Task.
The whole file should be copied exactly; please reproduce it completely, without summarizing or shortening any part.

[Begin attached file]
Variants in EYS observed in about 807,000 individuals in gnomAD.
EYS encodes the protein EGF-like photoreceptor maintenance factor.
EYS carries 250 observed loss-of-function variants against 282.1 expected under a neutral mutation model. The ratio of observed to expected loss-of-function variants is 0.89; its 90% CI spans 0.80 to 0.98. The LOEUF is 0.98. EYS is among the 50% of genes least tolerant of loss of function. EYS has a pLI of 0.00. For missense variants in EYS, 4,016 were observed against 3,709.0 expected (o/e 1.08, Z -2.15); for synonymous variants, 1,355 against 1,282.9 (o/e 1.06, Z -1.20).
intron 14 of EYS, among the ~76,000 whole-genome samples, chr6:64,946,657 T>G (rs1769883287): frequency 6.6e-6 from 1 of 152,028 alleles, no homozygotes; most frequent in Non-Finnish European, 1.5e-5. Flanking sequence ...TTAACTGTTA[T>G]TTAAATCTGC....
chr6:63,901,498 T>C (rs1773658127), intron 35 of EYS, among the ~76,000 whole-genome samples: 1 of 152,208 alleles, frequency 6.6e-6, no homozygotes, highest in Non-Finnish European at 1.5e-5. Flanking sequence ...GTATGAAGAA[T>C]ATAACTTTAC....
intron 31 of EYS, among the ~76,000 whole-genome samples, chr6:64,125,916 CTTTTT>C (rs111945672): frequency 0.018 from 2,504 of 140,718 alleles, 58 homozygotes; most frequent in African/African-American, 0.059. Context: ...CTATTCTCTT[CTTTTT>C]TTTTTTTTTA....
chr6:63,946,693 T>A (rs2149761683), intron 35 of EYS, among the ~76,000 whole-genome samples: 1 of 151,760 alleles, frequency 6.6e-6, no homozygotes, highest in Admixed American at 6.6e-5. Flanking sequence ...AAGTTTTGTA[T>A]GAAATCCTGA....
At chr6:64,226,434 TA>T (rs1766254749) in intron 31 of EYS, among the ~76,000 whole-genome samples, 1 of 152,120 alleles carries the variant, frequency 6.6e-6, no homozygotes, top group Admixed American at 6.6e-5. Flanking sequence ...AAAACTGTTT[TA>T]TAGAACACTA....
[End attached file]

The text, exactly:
Variants in EYS observed in about 807,000 individuals in gnomAD.
EYS encodes the protein EGF-like photoreceptor maintenance factor.
EYS carries 250 observed loss-of-function variants against 282.1 expected under a neutral mutation model. The ratio of observed to expected loss-of-function variants is 0.89; its 90% CI spans 0.80 to 0.98. The LOEUF is 0.98. EYS is among the 50% of genes least tolerant of loss of function. EYS has a pLI of 0.00. For missense variants in EYS, 4,016 were observed against 3,709.0 expected (o/e 1.08, Z -2.15); for synonymous variants, 1,355 against 1,282.9 (o/e 1.06, Z -1.20).
intron 14 of EYS, among the ~76,000 whole-genome samples, chr6:64,946,657 T>G (rs1769883287): frequency 6.6e-6 from 1 of 152,028 alleles, no homozygotes; most frequent in Non-Finnish European, 1.5e-5. Flanking sequence ...TTAACTGTTA[T>G]TTAAATCTGC....
chr6:63,901,498 T>C (rs1773658127), intron 35 of EYS, among the ~76,000 whole-genome samples: 1 of 152,208 alleles, frequency 6.6e-6, no homozygotes, highest in Non-Finnish European at 1.5e-5. Flanking sequence ...GTATGAAGAA[T>C]ATAACTTTAC....
intron 31 of EYS, among the ~76,000 whole-genome samples, chr6:64,125,916 CTTTTT>C (rs111945672): frequency 0.018 from 2,504 of 140,718 alleles, 58 homozygotes; most frequent in African/African-American, 0.059. Context: ...CTATTCTCTT[CTTTTT>C]TTTTTTTTTA....
chr6:63,946,693 T>A (rs2149761683), intron 35 of EYS, among the ~76,000 whole-genome samples: 1 of 151,760 alleles, frequency 6.6e-6, no homozygotes, highest in Admixed American at 6.6e-5. Flanking sequence ...AAGTTTTGTA[T>A]GAAATCCTGA....
At chr6:64,226,434 TA>T (rs1766254749) in intron 31 of EYS, among the ~76,000 whole-genome samples, 1 of 152,120 alleles carries the variant, frequency 6.6e-6, no homozygotes, top group Admixed American at 6.6e-5. Flanking sequence ...AAAACTGTTT[TA>T]TAGAACACTA....